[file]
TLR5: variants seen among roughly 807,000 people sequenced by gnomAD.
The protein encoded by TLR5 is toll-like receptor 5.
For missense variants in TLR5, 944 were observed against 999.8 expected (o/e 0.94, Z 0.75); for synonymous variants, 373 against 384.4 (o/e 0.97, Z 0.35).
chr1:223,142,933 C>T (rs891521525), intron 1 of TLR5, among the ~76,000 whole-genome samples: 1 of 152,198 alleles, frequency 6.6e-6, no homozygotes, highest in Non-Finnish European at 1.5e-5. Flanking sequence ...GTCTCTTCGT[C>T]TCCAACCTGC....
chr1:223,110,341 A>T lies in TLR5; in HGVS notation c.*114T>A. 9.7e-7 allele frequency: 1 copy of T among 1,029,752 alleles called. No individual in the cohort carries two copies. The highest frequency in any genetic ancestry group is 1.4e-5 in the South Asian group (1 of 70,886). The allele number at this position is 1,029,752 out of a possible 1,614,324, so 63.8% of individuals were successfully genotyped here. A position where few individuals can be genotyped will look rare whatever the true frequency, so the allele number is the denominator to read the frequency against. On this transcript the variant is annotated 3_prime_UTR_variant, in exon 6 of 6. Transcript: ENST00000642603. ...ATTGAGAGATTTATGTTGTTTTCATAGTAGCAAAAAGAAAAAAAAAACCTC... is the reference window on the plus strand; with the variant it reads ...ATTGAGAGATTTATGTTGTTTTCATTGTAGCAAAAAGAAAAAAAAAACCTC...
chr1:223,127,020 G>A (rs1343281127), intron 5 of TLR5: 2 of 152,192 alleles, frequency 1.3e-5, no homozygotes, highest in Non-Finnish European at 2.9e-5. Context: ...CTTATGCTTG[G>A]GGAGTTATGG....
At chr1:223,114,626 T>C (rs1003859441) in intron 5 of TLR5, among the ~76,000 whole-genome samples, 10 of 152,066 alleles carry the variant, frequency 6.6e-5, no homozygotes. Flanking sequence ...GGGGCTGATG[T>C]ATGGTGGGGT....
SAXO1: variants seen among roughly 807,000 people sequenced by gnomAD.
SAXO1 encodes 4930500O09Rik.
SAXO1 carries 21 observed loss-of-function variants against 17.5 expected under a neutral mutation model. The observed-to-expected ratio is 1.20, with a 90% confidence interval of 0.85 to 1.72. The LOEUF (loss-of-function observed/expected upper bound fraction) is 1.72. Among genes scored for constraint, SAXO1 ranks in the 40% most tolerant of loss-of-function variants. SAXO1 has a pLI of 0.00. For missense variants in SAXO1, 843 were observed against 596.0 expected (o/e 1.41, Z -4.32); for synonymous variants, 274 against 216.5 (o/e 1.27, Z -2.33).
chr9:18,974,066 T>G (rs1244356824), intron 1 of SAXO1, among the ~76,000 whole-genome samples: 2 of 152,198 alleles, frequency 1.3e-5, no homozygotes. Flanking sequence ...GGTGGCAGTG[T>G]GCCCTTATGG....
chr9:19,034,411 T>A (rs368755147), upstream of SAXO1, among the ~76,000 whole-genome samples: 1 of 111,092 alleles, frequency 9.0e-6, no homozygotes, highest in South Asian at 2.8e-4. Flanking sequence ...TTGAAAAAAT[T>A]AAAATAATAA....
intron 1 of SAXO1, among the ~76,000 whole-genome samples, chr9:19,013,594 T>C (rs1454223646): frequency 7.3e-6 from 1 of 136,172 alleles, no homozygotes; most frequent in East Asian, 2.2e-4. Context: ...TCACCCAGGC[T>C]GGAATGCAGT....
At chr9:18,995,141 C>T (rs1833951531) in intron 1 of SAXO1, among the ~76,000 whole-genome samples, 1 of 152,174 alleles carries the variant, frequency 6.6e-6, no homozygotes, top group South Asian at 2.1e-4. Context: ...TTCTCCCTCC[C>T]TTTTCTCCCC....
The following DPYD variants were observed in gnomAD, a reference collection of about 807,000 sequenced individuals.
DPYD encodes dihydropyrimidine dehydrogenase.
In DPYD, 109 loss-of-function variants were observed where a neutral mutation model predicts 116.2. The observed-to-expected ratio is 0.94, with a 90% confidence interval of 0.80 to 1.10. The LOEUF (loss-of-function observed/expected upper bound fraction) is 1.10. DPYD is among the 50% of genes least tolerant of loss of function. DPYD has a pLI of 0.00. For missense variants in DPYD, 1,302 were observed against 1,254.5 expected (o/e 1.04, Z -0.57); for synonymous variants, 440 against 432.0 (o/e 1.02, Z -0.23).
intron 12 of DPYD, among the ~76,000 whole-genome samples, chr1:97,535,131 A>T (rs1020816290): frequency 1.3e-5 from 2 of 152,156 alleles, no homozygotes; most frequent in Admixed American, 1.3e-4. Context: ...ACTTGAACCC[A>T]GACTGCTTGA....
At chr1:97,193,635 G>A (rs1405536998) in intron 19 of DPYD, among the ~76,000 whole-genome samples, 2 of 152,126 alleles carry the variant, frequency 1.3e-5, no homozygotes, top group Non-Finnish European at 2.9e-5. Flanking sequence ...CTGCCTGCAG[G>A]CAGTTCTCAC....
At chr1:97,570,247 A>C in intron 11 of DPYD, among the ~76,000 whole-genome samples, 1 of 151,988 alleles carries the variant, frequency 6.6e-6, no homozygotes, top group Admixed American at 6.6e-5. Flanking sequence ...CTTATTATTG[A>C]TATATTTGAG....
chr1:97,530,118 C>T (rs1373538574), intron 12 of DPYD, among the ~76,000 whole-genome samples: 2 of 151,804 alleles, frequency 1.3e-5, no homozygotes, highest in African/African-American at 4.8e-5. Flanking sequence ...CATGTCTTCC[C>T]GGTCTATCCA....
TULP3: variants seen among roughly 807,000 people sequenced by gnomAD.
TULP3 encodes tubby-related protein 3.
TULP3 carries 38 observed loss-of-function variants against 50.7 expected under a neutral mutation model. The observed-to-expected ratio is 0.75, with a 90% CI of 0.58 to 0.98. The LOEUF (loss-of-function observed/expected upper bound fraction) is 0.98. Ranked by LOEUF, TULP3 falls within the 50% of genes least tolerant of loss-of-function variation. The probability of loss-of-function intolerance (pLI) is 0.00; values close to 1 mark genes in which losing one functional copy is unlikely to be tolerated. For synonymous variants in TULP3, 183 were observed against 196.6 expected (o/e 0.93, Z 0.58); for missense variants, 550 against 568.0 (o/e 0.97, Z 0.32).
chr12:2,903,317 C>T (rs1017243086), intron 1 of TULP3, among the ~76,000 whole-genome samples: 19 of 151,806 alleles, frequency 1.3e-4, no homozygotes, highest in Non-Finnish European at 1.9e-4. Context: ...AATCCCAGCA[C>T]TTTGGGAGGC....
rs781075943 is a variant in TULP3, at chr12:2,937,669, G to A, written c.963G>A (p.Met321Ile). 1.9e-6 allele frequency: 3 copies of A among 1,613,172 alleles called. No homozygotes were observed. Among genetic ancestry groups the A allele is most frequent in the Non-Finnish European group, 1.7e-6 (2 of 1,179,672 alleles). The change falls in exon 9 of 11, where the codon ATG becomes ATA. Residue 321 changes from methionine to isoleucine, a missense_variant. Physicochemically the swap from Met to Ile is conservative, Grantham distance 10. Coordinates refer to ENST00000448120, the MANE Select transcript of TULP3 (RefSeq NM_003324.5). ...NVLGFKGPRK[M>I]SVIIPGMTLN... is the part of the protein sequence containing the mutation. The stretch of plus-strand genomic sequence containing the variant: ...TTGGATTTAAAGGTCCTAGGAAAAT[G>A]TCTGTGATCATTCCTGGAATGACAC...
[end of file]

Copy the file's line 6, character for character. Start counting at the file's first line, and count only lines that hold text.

chr1:223,127,020 G>A (rs1343281127), intron 5 of TLR5: 2 of 152,192 alleles, frequency 1.3e-5, no homozygotes, highest in Non-Finnish European at 2.9e-5. Context: ...CTTATGCTTG[G>A]GGAGTTATGG....